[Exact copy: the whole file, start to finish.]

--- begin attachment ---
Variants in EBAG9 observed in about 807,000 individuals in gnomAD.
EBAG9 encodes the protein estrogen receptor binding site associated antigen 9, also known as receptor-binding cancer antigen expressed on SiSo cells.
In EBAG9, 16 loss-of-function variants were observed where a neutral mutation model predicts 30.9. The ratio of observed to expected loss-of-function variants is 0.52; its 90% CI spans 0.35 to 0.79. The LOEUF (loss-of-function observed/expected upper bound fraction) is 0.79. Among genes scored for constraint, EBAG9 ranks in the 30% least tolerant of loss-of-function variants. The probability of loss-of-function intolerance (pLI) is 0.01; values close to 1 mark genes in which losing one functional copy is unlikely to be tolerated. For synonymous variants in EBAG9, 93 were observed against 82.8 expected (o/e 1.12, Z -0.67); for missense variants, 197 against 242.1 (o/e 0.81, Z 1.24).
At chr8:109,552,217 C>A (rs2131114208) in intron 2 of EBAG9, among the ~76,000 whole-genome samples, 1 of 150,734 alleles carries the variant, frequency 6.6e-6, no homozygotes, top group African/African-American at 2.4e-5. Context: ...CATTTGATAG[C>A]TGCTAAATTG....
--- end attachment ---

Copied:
Variants in EBAG9 observed in about 807,000 individuals in gnomAD.
EBAG9 encodes the protein estrogen receptor binding site associated antigen 9, also known as receptor-binding cancer antigen expressed on SiSo cells.
In EBAG9, 16 loss-of-function variants were observed where a neutral mutation model predicts 30.9. The ratio of observed to expected loss-of-function variants is 0.52; its 90% CI spans 0.35 to 0.79. The LOEUF (loss-of-function observed/expected upper bound fraction) is 0.79. Among genes scored for constraint, EBAG9 ranks in the 30% least tolerant of loss-of-function variants. The probability of loss-of-function intolerance (pLI) is 0.01; values close to 1 mark genes in which losing one functional copy is unlikely to be tolerated. For synonymous variants in EBAG9, 93 were observed against 82.8 expected (o/e 1.12, Z -0.67); for missense variants, 197 against 242.1 (o/e 0.81, Z 1.24).
At chr8:109,552,217 C>A (rs2131114208) in intron 2 of EBAG9, among the ~76,000 whole-genome samples, 1 of 150,734 alleles carries the variant, frequency 6.6e-6, no homozygotes, top group African/African-American at 2.4e-5. Context: ...CATTTGATAG[C>A]TGCTAAATTG....